Sex Offender Probation and Polygraph Testing

Sex Offender Probation – Part 2

Cindy Castillo Sex Crime, Arizona Law

Sex Offender Probation and Polygraph Testing

Understanding Arizona Probation with Sex Terms

As we outlined in the first part of our series, sex offender probation needs to be revamped, as it is inherently unfair. While Castillo Law agrees that probation is an important and crucial part of reintroducing those accused of sex crimes into the community, there needs to be more consideration towards the negative impact sex offender probation has on everyone involved, including the families of probationers, and the community. We are not saying that sex crimes should go unpunished, but rather calling our probation departments, the State and the Court to action, in order to create an improved program that can benefit the community, the probationer, and the probationer’s family, with more consideration on the quality of testing and treatment and getting the probationer back into the community. Ultimately, the current mold is not (in our opinion) the most effective way to prevent recidivism.

Polygraph Testing while on Sex Offender Probation

The premise, under probation’s “containment approach” for sex offender probation, is that “there are no cures for sexual deviancies,” as stated by the manual given to probationers on sex offender terms. As such, in order to track the potential threat of a probationer, the probationer must submit to regular polygraph testing, in order for the probation officers and probation team to track their capacity for recidivism and potential threat to the community. Part of what is required of a probationer is that they must share their sexual experiences, dating back to their first sexual experience to present, any and all sexual urges, and any and all fantasies with their treatment team and at the time of polygraph testing. If they do not, it can appear as a failed polygraph test or as deceptive to the probation treatment team.

Problems with the Polygraph

It is for these reasons that polygraph testing is one of the main problems with sex offender probation. Polygraphs are not an exact science and are unreliable, and it is for these reasons that they are not admissible as evidence at a criminal trial and they are taken with a grain of salt when presented as mitigation to the State. So, why are we using them to monitor probationers? The reason polygraphs are not acceptable in Court is that polygraphs are administered with many variables at play, i.e. the polygrapher, the questions, the probation officer, etc., and every step along the way could lead the person being polygraphed to fail the test. Furthermore, probationers are interviewed by probation officers that often lack the skill set to conduct such interviews, and then they are polygraphed on the interview questions. In many cases the polygraphers are contracted by the probation department and are not necessarily independent, unbiased administrators.

Not only are the polygraphs faulty from the administrative end, probationers often suffer from conditions that have an effect on their ability to take polygraphs, yet, they are still tested. The probation department tests all individuals on sex offender probation, regardless of any individual conditions, and ultimately fail to diagnose each probationer’s needs. Even with all these potentially skewing factors, if the individual on sex offender probation fails the sexual history polygraph, it becomes the foundation for a probation violation, and a probation violation could result in going to prison. Even if the individual on sex offender probation has thoughts that were never acted upon or transgressions that happened in the past that were never charged or substantiated by fact, they could still be violated.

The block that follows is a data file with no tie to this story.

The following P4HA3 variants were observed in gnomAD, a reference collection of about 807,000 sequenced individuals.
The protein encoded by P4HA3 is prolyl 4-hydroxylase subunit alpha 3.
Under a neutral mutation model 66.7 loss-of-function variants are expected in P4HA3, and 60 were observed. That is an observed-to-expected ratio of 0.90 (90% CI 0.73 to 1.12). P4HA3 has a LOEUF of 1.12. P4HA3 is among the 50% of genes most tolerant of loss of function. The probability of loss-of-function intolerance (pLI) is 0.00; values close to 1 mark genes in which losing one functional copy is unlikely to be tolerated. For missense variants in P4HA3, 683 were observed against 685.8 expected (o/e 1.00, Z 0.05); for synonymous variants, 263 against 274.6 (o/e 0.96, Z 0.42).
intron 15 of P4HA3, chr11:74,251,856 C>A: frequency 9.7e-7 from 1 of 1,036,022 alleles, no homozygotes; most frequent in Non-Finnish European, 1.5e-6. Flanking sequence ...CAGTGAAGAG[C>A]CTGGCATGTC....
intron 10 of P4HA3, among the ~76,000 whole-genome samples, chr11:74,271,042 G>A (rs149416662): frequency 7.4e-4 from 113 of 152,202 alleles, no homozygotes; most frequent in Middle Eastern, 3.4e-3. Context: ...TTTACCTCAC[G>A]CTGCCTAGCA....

Even in situations where the probation department does not choose to violate a probationer, individuals on sex offender probation can be coerced into admitting some violation which can be used against them later. Usually, failed polygraphs can be used as a basis to keep the probationer from advancing in his/her probation, to remove special privileges, and often, to keep them from getting off probation at all. For example, a common failure on the maintenance polygraph is when the probationer shows deceptive answers to the question, “have you used the internet?” It is common for probationers who fail this question to lose any and all internet privileges, including internet usage for work purposes, which can cause the probationer to lose his/her job. Also, Probation Officers force probationers to accept every fact in the police report as true during polygraph testing, otherwise the probationer is threatened that they will not advance in treatment.

To some, this may sound like something out of Minority Report, where pre-crime and potential crime is prosecuted as reality, even though no offense has actually occurred or been substantiated by fact. Because of this type of thinking, our clients that are on sex offender probation view the polygraph as a bait trap, where the probation officer will ask intrusive questions, trying to get them to make statements that could incriminate them, and then subsequently showing deception on a polygraph. According to MCSC, these periodic and psychological testing “validates the veracity of statements,” but, if certain probation officers are known to sometimes falter along the line of helping or hindering, polygraphs can hardly be relied upon as validating or truthful.

In our next article, we take up the flaws of sex offender treatment and the impact this treatment has on the probationer, their family, and the community. If you or someone you know is on sex offender probation and would like to know about ways to terminate or modify their terms of probation, Castillo Law is available 24/7 at 480-206-5204.

Part 1 – Problems with probation
Part 3 – Ineffective Therapy